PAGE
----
Thursday, August 30, 2012

Quick review

Quick review
The 10 cognitive distortions are
1. All or nothing thinking.  Everything's black or white.  One error means black.
2. Overgeneralization.  One negative means you can predict never-ending negatives.
3. Mental filter.  You pick out a single negative and dwell on it exclusively.
4. Disqualifying the positive. You reject positive experiences or comments because "they don't count".
5. Jumping to conclusions
                             a. mind reading. You assume someone is thinking negatively of you.
                             b. fortune telling.  You anticipate and expect things will go badly.
6. Magnification and Minimization.  You exaggerate the importance of goof-ups and mistakes and minimize the importance of the good things you do.
7. Emotional reasoning.  If I feel bad it must be bad.
8. Should statements. You try to motivate yourself with "shoulds", "musts" and "oughts" and the emotional consequence is guilt for yourself and frustration when you mentally use those words in connection with others.
9. Labeling and mislabeling. You attach negative labels to yourself and others.
10. Personalization.  You see yourself as the cause of an external negative event that you were actually not responsible for.

So, with that review, can you identify which cognitive distortions are in the following scenario?

You've been reading sections of "Teaching, No Greater Call" about classroom discipline and applying the principles in it to the Sunday school class you teach.  You've been doing it for several weeks and it seems to be making a difference.  Then, suddenly, things in the classroom take a turn for the worse as a couple of kids in your class start acting out and in three consecutive weeks you are back to where you started.  You feel bitter, disillusioned, hopeless and desperate due to thinking, "I'm not getting anywhere.  These methods won't help after all.  I should have things under control well by now.  That 'improvement' was a fluke.  I was fooling myself when I felt like things were going better, They really didn't.  I'll never be able to get these kids to pay attention."  Which of the following one or more cognitive distortions did you employ?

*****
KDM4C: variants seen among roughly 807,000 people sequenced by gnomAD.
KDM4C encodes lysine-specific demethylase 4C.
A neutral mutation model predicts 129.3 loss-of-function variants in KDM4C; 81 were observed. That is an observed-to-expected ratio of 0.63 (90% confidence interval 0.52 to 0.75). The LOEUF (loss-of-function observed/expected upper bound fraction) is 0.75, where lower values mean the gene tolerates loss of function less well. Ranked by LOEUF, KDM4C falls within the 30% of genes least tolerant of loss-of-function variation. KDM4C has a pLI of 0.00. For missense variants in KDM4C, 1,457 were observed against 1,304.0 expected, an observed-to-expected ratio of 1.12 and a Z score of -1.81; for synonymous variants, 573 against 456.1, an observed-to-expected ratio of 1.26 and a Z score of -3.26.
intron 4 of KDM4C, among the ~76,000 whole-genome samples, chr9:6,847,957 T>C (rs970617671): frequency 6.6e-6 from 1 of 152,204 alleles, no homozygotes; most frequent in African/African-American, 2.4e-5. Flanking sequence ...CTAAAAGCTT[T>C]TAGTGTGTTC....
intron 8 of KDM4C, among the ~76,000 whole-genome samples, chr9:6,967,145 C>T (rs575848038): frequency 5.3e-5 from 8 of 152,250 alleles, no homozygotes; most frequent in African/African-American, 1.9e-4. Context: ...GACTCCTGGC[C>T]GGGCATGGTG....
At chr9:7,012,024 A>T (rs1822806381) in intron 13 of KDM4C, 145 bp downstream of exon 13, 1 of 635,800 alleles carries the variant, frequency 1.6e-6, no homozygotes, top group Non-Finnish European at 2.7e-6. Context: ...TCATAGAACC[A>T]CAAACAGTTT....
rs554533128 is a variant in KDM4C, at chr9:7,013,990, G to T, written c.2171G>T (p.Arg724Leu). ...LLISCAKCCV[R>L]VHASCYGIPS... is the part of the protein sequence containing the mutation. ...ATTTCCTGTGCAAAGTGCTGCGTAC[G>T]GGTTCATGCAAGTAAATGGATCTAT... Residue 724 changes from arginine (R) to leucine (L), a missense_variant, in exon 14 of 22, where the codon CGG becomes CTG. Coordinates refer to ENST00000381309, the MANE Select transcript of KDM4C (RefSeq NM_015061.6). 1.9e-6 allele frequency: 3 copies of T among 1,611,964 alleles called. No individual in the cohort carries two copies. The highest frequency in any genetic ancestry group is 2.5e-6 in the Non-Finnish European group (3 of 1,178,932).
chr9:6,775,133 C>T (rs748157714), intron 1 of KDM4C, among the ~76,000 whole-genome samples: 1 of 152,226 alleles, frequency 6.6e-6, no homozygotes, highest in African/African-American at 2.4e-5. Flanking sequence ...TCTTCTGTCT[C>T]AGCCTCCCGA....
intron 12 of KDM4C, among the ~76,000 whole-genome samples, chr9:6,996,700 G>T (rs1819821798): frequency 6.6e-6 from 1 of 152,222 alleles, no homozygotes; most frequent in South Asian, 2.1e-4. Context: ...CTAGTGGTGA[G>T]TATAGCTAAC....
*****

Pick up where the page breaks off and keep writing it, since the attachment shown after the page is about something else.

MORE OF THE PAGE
a) disqualifying the positive
b) should statement
c) all-or-nothing thinking
d) jumping to conclusions
e) emotional reasoning

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answer:  all of them.  Did you find some of them?  Good!  You could probably add "personalization" to the list if in fact the two kids are acting out due to chaos at home beyond your control.

Can you see how our thoughts and responses to a situation can create our emotions?  And how distorted thoughts can mess up our emotions?

The goal, then, is to learn how to think thoughts based in reality, things as they really are, not in distortions of reality.  And that can be done.  The first step is to start identifying those distortions.  And you just did that.

The next step is to talk back truth to them when they pop up in your brain.

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